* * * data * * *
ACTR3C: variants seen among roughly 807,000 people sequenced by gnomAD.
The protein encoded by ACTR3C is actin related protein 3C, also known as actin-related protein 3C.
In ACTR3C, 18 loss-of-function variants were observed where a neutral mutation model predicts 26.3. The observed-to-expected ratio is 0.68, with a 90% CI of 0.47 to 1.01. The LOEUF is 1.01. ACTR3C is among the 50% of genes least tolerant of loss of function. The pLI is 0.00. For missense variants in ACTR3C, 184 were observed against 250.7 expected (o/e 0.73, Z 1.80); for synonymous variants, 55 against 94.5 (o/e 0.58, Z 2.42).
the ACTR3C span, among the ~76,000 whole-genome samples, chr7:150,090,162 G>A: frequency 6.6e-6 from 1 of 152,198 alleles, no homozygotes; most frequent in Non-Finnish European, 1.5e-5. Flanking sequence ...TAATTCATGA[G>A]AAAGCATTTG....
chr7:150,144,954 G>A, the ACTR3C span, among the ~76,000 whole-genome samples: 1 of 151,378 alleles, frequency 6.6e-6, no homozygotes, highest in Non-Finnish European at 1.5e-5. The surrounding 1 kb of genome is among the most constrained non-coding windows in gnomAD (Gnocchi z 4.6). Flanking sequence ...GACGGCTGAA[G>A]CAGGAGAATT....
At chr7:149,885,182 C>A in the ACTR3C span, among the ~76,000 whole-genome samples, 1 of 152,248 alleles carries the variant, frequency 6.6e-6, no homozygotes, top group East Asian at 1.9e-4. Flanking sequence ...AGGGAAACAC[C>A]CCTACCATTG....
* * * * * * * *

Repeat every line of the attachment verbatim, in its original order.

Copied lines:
ACTR3C: variants seen among roughly 807,000 people sequenced by gnomAD.
The protein encoded by ACTR3C is actin related protein 3C, also known as actin-related protein 3C.
In ACTR3C, 18 loss-of-function variants were observed where a neutral mutation model predicts 26.3. The observed-to-expected ratio is 0.68, with a 90% CI of 0.47 to 1.01. The LOEUF is 1.01. ACTR3C is among the 50% of genes least tolerant of loss of function. The pLI is 0.00. For missense variants in ACTR3C, 184 were observed against 250.7 expected (o/e 0.73, Z 1.80); for synonymous variants, 55 against 94.5 (o/e 0.58, Z 2.42).
the ACTR3C span, among the ~76,000 whole-genome samples, chr7:150,090,162 G>A: frequency 6.6e-6 from 1 of 152,198 alleles, no homozygotes; most frequent in Non-Finnish European, 1.5e-5. Flanking sequence ...TAATTCATGA[G>A]AAAGCATTTG....
chr7:150,144,954 G>A, the ACTR3C span, among the ~76,000 whole-genome samples: 1 of 151,378 alleles, frequency 6.6e-6, no homozygotes, highest in Non-Finnish European at 1.5e-5. The surrounding 1 kb of genome is among the most constrained non-coding windows in gnomAD (Gnocchi z 4.6). Flanking sequence ...GACGGCTGAA[G>A]CAGGAGAATT....
At chr7:149,885,182 C>A in the ACTR3C span, among the ~76,000 whole-genome samples, 1 of 152,248 alleles carries the variant, frequency 6.6e-6, no homozygotes, top group East Asian at 1.9e-4. Flanking sequence ...AGGGAAACAC[C>A]CCTACCATTG....